Blood Meridian

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Themes and Colors
Warfare and Domination Theme Icon
Witness and Mercy Theme Icon
Fate Theme Icon
Religion and Ritual Theme Icon
Racism and Partisanship Theme Icon
LitCharts assigns a color and icon to each theme in Blood Meridian, which you can use to track the themes throughout the work.

Blood Meridian is a tragic procession of bloody violent acts, from barroom brawls to great and terrible massacres on the plains; even the landscapes of the novel—barren, alien, indifferent—seem to be at war with the forms of life that traverse them.

The central theoretician and advocate for warfare in the novel is Judge Holden, who hails war itself as the ultimate trade, and humankind as its ultimate practitioner. The Judge says very simply that…

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The Judge affirms to Tobin that nothing can exist without a witness, and later, when the black Jackson murders Owens in Tucson, the Judge secures Jackson’s freedom by explaining that without a witness willing to come forward, there are no grounds for arrest; it is as if no crime has been committed at all. The scalp hunters exploit this principle: to protect their true image as ruthless indiscriminate traitorous murderers, they often go so far…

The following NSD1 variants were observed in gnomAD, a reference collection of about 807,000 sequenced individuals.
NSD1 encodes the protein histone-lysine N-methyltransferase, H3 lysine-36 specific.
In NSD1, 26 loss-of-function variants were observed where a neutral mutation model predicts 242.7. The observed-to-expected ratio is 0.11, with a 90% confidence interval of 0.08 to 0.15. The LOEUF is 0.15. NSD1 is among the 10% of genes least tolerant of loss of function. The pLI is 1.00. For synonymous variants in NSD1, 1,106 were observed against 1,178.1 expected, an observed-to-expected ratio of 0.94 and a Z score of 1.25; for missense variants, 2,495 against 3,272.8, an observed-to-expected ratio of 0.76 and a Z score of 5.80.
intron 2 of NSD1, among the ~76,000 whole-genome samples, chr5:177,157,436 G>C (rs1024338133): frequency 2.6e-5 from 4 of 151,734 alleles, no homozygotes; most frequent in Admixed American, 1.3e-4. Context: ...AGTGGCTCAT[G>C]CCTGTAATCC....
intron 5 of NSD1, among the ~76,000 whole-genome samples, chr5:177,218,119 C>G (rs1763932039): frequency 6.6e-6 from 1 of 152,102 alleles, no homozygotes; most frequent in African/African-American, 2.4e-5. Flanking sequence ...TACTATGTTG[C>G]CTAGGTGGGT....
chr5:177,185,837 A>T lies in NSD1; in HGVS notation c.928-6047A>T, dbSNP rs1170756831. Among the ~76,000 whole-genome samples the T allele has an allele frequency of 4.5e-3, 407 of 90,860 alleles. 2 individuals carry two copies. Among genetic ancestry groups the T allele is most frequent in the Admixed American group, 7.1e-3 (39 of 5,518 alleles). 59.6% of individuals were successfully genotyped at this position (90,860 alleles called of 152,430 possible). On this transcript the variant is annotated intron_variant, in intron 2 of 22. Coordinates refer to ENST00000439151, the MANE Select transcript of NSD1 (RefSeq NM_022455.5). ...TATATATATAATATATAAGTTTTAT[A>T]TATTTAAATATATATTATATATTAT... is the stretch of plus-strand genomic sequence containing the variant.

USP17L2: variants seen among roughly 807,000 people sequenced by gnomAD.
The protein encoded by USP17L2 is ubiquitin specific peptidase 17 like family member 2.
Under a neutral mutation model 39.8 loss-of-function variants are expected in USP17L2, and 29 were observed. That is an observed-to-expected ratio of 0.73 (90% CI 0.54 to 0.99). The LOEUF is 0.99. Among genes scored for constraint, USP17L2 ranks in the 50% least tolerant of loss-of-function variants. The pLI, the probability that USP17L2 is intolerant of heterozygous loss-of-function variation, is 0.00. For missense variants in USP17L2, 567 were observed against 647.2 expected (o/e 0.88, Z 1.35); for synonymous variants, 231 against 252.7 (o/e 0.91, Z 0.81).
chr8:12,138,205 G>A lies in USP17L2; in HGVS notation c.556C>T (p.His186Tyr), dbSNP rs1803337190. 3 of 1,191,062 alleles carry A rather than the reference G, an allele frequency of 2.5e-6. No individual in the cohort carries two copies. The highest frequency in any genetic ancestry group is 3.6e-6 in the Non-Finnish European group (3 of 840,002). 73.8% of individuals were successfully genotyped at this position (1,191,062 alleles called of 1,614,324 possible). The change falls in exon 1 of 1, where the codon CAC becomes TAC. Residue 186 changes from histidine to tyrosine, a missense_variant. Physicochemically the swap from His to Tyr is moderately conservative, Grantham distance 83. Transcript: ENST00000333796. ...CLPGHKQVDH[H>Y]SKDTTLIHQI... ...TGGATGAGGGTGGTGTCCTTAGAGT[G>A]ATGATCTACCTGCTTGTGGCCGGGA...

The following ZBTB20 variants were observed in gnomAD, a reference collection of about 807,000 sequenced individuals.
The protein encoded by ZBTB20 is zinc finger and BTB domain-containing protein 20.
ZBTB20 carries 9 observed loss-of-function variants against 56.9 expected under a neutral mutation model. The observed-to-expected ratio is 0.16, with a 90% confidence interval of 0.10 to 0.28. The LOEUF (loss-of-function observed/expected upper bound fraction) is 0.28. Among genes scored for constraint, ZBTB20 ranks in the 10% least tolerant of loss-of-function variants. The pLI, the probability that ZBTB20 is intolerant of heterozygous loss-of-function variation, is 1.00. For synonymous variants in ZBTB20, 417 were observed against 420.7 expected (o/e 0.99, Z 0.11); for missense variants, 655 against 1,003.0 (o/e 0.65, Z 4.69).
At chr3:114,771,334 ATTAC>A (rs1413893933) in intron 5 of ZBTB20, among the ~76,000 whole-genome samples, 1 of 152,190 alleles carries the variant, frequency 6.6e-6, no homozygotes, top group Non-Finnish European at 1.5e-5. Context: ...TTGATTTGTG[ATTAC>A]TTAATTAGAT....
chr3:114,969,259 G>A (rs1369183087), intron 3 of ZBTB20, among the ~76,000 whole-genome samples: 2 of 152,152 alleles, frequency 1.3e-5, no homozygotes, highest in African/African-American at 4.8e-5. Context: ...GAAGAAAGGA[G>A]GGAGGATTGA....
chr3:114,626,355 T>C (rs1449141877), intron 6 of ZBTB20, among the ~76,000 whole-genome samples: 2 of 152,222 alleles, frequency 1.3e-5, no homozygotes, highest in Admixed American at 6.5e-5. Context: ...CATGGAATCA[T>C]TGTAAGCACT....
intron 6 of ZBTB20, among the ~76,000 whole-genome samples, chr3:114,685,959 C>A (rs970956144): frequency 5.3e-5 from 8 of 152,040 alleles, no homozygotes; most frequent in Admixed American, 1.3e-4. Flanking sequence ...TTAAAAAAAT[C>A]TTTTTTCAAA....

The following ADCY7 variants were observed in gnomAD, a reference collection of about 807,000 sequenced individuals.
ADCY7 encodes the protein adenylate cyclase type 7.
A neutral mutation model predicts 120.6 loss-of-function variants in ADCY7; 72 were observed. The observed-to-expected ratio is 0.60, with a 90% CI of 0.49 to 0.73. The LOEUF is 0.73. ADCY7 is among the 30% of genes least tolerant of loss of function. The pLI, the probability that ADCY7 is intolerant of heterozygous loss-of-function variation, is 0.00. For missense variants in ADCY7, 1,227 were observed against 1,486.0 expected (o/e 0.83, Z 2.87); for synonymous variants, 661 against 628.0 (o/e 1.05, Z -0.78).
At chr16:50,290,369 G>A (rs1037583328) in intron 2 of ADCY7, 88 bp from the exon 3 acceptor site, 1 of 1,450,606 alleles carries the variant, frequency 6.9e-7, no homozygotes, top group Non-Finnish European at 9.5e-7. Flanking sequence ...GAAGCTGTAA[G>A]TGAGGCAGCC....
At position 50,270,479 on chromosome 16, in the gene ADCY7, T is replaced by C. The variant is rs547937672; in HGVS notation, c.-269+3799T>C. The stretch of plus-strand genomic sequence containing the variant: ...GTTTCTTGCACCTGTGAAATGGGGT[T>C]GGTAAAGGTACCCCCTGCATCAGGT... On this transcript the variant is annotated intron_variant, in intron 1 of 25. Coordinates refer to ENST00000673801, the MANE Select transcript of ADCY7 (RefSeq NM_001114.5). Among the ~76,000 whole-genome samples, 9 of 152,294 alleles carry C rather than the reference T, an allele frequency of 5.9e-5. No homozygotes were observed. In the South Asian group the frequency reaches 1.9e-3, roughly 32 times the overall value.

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The narrator of Blood Meridian says that people involved in hazardous enterprises like warfare often become preoccupied with the idea of fate, which is certainly the case in the novel. The kid encounters several prophets on his journey, all of whom rightly foretell doom and destruction. More uncannily, when Glanton is having his fortune told early on he draws a card from a Tarot deck depicting a cart without wheels adrift on a dark river…

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In the world of Blood Meridian, Christianity is decaying. Early on the kid sleeps in an abandoned church littered with feces and shot up by American soldiers, and the gang encounters many such ruins on their travels, including a church in which the kid and Sproule discover forty human corpses, slain and scalped by the Apaches. Traditional Christian doctrine is also in tatters in the novel, and the idea of a benevolent God would…

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Many killers in the novel justify their violence in large part by demonizing their enemy, and this demonization is very often race-based. The racist and therefore all the more aptly named Captain White, for example, justifies his invasion of Mexico by denouncing the Mexican people as “barbarians.” Glanton and his men refer derogatorily to the Indians they hunt and whom they are hunted by as “savages” and “heathens.” The white John Jackson antagonizes the…

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